| Outside the box on La Plata (West Face)
When I was a kid - like last week - my favorite Dr. Suess story was On Beyond Zebra, which is all about the adventures you can have with the wild things you can spell if you extend the alphabet past Z. A really nice description of why it's so much fun to do something new, or at least unusual. Hence my choice of route for this trip to La Plata.
If you look at a topo map of La Plata, you will see 3 parallel grooves on the west flank. Photos taken in late spring or early summer show them full of snow, which implies that they should be skiable. They are too obvious not to have been done before (unless there is some good reason not to ski them) - and in fact we found some old ski tracks under the most recent snow layer - but I couldn't find any description of them. So they were new to me (like Emo Phillips said about his underwear ). Bringing your own Beta always makes things more interesting, and so I decided to check these out. Our objective was the middle of the three, which almost peters out at about 13,800' but terminates in the notch between the summit and the pile o' rocks to the WSW.
Kris, my companion on Quandary, agreed to come along with the caveat that we might or might not find anything good. (I have discovered that the key to getting Kris to come along is to pick a day when his girlfriend is working and he's not.) It poured with rain the night before, and the sky was pretty leaden as we left home. Three inches of slush on Highway 24 made things interesting, especially as my car has about 2" of ground clearance. Arriving at the TH behind schedule, this is what we saw:
Great day for a hike.
We started up the standard trail in a gentle snowfall. At about 10,900' the trail departs from the creek and goes straight up the foot of the northwest ridge. We stayed parallel to the creek, which at this point enters a flatter, more open portion of La Plata Gulch:
La Plata Gulch
At timberline the gulch has a very remote feel, even if the trailhead isn't that far away. I imagine this place is gorgeous in the summer. We also got glimpses of the inviting north face of Sayres:
Upper La Plata Gulch
Given the weather, our late start, and a couple of less respectable excuses, we had decided to make this a reconnaissance, take some photos, and return on another day. We duly skinned a little way up the opposite side of the gulch to photograph the west face of the mountain:
La Plata Pk., west face, summit obscured above 13,800'. Best I could do in the snow...
*EDIT*: Our descent route marked in blue. The picture doesn't do it justice; though shallow, the couloir threads two rock bands that put some decent crags alongside. We decided that we would at least climb and ski the bottom part, just to get a taste, so we started up the couloir on skins:
Looking back down La Plata Gulch
The climb turned out to be easier along the arete on the south side of the gully. We were aiming for a point near the lower rock band, at about 13,000 feet:
At 13,000 ft.
Arriving there, we found that we were going strong and that the couloir looked pretty inviting. We decided to press on to the top of the couloir. Approaching that point, it seemed silly not to go for the summit, since we were so close. Here Mudjekiwis, the West Wind, sprung up to register his objections. With apologies to Longfellow and the Ojibwa Nation, and a wink to Seamus Heaney...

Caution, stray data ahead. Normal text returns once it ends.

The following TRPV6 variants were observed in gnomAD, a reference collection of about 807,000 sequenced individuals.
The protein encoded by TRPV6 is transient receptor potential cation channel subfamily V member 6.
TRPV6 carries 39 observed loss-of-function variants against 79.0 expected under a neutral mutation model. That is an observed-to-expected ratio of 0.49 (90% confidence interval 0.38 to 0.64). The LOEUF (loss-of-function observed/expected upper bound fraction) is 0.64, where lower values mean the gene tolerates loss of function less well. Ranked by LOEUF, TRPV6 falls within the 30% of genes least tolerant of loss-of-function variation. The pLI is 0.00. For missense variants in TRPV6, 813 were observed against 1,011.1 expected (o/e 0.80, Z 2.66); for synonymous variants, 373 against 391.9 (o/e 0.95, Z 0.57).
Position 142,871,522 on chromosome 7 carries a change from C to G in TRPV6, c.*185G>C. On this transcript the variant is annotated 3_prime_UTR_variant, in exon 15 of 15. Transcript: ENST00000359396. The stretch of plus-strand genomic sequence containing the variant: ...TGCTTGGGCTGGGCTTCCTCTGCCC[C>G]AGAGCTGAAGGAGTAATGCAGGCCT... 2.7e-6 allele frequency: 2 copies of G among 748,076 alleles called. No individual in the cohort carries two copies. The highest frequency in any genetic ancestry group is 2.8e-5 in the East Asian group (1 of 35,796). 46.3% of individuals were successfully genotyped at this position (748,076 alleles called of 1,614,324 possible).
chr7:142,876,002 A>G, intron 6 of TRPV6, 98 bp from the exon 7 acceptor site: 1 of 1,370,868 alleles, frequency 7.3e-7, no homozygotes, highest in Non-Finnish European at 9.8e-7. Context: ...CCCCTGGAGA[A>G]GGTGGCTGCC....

Thus Spake Mudjekiwis:
So! My name is Mudjekiwis:
Listen to my name and tremble!
Hear me roar, O worthless mortal,
Fall upon your knees and quiver!
Once I wrestled Hiawatha.
Hiawatha was a hero!
He, who slew the sturgeon, Nahma,
Won the hand of Minnehaha,
Took her then into his wigwam
By the shining Big-Sea-Water,
(There they made some heavy breathing
And a smell like burning tires) -
Hiawatha wrestled naked!
Here YOU come all dressed in Gore-Tex.
Hiawatha was a hero,
You are nothing but a piss-ant!
Show me some respect, you piglet!
I, whose name is Mudjekiwis,
I, who strip the snow from mountains,
I, who take the kites from children,
I have come to close the curtains!
I have come to piss you off!
And he closed the curtains all right, which pissed us off, but we soon got over it. Evidently he did too, as he allowed us a couple of glimpses of the view from the summit:
Kris at top. Uppermost crags of Ellingwod Ridge behind.
Me at the top.
Kris ready to ski. I had about 10 seconds to grab this shot, before the curtains closed again.
We began skiing from the summit, down the northwest ridge:
Kris leaving the summit
At 13,900 feet we traversed to skier's left (south), around the corner onto the west face. Stumbling over a few rocks, we dropped down into the couloir:
Kris, in nice wind-deposited snow
Because the couloir was wind-loaded to an unknown depth, we skied from safe zone to safe zone, watching one another. It turned out that the new snow was never over about 5" deep, mostly less than that.
Kris at the throat of the couloir
At the valley floor
We then slogged through the deep softening snow back to the trailhead. (Actually deep postholing isn't bad going downhill; if it's steep and deep enough it can be kind of fun!) Returning to the trailhead, we finally got a view of La Plata:
Contrast this to the 1st picture...
So ended a highly successful reconnaissance. This route will always be overshadowed by its more extreme brethren on the north face (and I will be back to ski them someday), but it is an elegant alternative. About 2300' vertical in one swoop, angle mostly about 35 degrees with a max around 40.
Snowpack notes: Styrofoam above 13,500; consolidated below that.
Thumbnails for uploaded photos (click to open slideshow):